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New York gets 2010 Super Bowl ... for now

The Super Bowl is coming to the Big Apple in 2010. Maybe.

KAPALUA, Hawaii (March 23, 2005) -- The Super Bowl is coming to the Big Apple in 2010. Maybe.

Now all the New York Jets have to do is get approval for their stadium project on the West Side of Manhattan, which is no slam dunk.

NFL owners voted 31-1 to award the 2010 game to New York, provided the 75,000-seat stadium, whose cost now has reached nearly $2 billion, is built.

"Today is a landmark day," Jets owner Woody Johnson said, "and the 2010 Super Bowl in the New York Sports and Convention Center will be a historic event. We're thrilled about this announcement."

But still there are many hurdles before the Jets can break ground on what also would be the centerpiece of the city's 2012 Summer Olympics bid.

Earlier this week, the Jets substantially increased their bid for the land on which the stadium with a retractable roof would be built, upping it to $720 million. The Metropolitan Transportation Authority, which owns the land that currently is used as train yards, will choose among three bidders on March 31.

There also has been substantial opposition to the project from neighborhood action groups and others who question why New York's policemen, firefighters and teachers are without contracts, but the city can chip in $500 million or so for a stadium.

Both the city and state favor the project.

"We're thrilled with the National Football League's decision to award the 2010 Super Bowl to New York City," Mayor Michael Bloomberg said. "It is an enormous vote of confidence in our plans to build the New York Sports and Convention Center. When it is complete, New York will finally have a world-class facility for the country's top sports events, along with the economic activity and jobs that come with them."

Jets president Jay Cross compared the stadium project to a race.

"Every day we are closer to the finish," said the Jets' lead man on the stadium. "This is one of many steps in a long hurdle race. We've cleared the next hurdle."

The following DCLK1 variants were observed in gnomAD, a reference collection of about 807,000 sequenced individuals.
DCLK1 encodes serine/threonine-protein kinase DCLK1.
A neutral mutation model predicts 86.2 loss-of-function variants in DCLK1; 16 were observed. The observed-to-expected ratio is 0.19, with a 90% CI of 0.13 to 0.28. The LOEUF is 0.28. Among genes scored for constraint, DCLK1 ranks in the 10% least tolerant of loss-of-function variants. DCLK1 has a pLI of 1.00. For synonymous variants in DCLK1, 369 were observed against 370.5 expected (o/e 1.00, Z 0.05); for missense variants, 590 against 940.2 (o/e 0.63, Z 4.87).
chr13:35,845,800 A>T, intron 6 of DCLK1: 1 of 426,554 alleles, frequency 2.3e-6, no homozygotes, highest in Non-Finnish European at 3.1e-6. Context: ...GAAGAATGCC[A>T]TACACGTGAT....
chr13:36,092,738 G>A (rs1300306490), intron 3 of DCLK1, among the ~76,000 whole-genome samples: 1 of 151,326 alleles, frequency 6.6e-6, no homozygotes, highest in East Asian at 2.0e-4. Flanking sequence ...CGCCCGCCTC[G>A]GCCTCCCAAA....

March 31 would be next, and if that goes against the Jets, the West Side site probably would be dead.

Beyond that, if the Jets beat out the bids of Cablevision, which owns Madison Square Garden, and a third bidder, TransGas Energy Systems LLC, there still could be lawsuits.

Plus, New York is considered an outsider to get the 2012 Games in a race with Paris, London, Madrid and Moscow.

But Wednesday was a day for celebration for the team that has not played in a Super Bowl since 1969; for the city and state; and for the league itself.

"When the NFL says it wants to bring its signature event to New York, that helps build momentum," said Cross, who has worked for four years on the stadium deal. "It's important to build a broad base of support and a consensus."

Patriots owner Robert Kraft was particularly supportive of the 2010 decision.

"It's very important," he said. "It will be a great economic catalyst to the city, great for the NFL and our partnership. The whole point is, take New York and look at that area and the economic catalyst it can be.

"The last Super Bowl in Jacksonville and the one before it in Houston and next year in Detroit creates tremendous exposure and tremendous economic opportunities."

The Jets, who have played in the New Jersey Meadowlands along with the Giants since 1984, "have been a nomad franchise," according to coach Herman Edwards. "We need our own stadium, obviously. We're the only one of 32 teams that shares a stadium. It's a little different than any other home venue."

The Manhattan stadium would open for the 2009 season and the NFL would waive its rule that a team must play at least two seasons in a stadium before playing host to a Super Bowl there.

Commissioner Paul Tagliabue, a strong supporter of the stadium and a Super Bowl in New York, said there is no contingency plan should the arena not be built.

"The plan would be, on the outside chance it didn't go forward in New York, we would revisit it and re-evaluate and look at alternative cities," he said.

Bidding on the 2009 Super Bowl is ongoing and the site will be chosen at the May league meeting in Washington. Tampa, Miami (host of the 2007 game), Houston and Atlanta are the bidders.

The Associated Press News Service

Copyright 2005, The Associated Press, All Rights Reserved

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